This study aimed to investigate possible differences in spatio-temporal gait parameters of people with Parkinson’s Disease (pwPD) when they are tested either in laboratory using 3D Gait Analysis or in a clinical setting using wearable accelerometers. The main spatio-temporal gait parameters (speed, cadence, stride length, stance, swing and double support duration) of 31 pwPD were acquired: i) using a wearable accelerometer in a clinical setting while wearing shoes (ISS); ii) same as condition 1, but barefoot (ISB); iii) using an optoelectronic system (OES) undressed and barefoot. While no significant differences were found for cadence, stance, swing and double support duration, the experimental setting affected speed and stride length that decreased (by 17% and 12% respectively, P<0.005) when passing from the clinical (ISS) to the laboratory (OES) setting. These results suggest that gait assessment should be always performed in the same conditions to avoid errors, which may lead to inaccurate patient’s evaluations.

Quantitative assessment of gait parameters in people with Parkinson's disease in laboratory and clinical setting: are the measures interchangeable?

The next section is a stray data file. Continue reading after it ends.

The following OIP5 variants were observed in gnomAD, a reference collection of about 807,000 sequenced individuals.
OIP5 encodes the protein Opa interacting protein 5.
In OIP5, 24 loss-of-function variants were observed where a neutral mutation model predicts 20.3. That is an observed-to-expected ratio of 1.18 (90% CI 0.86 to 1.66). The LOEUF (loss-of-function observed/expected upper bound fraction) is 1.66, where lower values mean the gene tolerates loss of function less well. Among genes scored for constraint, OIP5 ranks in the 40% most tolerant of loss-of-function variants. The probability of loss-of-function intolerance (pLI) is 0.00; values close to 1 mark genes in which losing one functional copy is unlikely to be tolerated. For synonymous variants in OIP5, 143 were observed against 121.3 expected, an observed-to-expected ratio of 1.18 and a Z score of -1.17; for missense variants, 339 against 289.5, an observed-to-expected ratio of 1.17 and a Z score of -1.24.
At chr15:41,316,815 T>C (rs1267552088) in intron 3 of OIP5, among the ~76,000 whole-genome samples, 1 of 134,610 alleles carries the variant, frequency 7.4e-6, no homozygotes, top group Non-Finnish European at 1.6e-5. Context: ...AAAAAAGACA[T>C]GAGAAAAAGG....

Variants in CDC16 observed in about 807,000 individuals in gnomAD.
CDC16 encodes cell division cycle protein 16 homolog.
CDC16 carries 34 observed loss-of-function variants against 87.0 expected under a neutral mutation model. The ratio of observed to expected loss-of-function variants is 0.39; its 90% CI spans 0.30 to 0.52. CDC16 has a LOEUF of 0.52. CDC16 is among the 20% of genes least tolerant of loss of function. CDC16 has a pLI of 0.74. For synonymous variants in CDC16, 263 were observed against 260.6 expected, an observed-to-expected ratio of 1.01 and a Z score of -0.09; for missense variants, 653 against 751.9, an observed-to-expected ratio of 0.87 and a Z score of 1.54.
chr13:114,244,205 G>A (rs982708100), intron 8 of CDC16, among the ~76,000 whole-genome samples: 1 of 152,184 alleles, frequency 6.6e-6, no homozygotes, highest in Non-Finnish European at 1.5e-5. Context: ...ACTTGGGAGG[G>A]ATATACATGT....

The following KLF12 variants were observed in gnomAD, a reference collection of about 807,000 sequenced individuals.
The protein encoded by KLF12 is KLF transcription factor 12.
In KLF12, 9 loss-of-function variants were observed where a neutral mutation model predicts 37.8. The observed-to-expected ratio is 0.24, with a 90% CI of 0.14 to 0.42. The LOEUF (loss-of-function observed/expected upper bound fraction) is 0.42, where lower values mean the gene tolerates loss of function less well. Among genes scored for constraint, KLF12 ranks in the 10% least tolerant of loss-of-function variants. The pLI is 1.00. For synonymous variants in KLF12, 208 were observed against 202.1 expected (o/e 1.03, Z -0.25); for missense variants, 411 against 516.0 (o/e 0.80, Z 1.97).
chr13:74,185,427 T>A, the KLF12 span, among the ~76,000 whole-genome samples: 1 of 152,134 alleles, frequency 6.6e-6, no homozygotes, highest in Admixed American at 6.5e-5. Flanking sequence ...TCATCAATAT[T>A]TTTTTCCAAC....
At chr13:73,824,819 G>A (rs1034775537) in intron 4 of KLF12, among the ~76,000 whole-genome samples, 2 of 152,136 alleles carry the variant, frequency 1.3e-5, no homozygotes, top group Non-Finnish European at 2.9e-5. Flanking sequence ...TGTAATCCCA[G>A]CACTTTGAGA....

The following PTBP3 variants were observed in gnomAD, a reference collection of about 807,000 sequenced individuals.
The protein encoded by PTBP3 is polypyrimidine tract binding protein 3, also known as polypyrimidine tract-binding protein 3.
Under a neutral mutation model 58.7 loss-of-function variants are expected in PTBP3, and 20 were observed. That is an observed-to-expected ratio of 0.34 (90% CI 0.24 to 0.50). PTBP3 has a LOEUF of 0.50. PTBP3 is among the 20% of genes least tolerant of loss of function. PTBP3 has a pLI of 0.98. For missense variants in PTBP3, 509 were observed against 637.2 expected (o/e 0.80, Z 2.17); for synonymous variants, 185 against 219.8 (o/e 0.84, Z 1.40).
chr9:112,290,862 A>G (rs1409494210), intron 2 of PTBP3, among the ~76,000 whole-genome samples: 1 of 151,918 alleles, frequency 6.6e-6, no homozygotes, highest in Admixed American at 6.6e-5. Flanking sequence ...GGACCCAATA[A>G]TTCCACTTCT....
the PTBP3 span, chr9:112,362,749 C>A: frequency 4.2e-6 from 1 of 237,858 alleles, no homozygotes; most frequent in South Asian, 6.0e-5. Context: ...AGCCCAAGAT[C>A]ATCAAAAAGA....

Pau, Massimiliano
Primo
Conceptualization
;
Guicciardi, Marco
Penultimo
Formal Analysis
;
2018

Abstract

This study aimed to investigate possible differences in spatio-temporal gait parameters of people with Parkinson’s Disease (pwPD) when they are tested either in laboratory using 3D Gait Analysis or in a clinical setting using wearable accelerometers. The main spatio-temporal gait parameters (speed, cadence, stride length, stance, swing and double support duration) of 31 pwPD were acquired: i) using a wearable accelerometer in a clinical setting while wearing shoes (ISS); ii) same as condition 1, but barefoot (ISB); iii) using an optoelectronic system (OES) undressed and barefoot. While no significant differences were found for cadence, stance, swing and double support duration, the experimental setting affected speed and stride length that decreased (by 17% and 12% respectively, P<0.005) when passing from the clinical (ISS) to the laboratory (OES) setting. These results suggest that gait assessment should be always performed in the same conditions to avoid errors, which may lead to inaccurate patient’s evaluations.
gait; Parkinson’s Disease; inertial sensor; spatio-temporal parameters
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Utilizza questo identificativo per citare o creare un link a questo documento: http://hdl.handle.net/11584/249125
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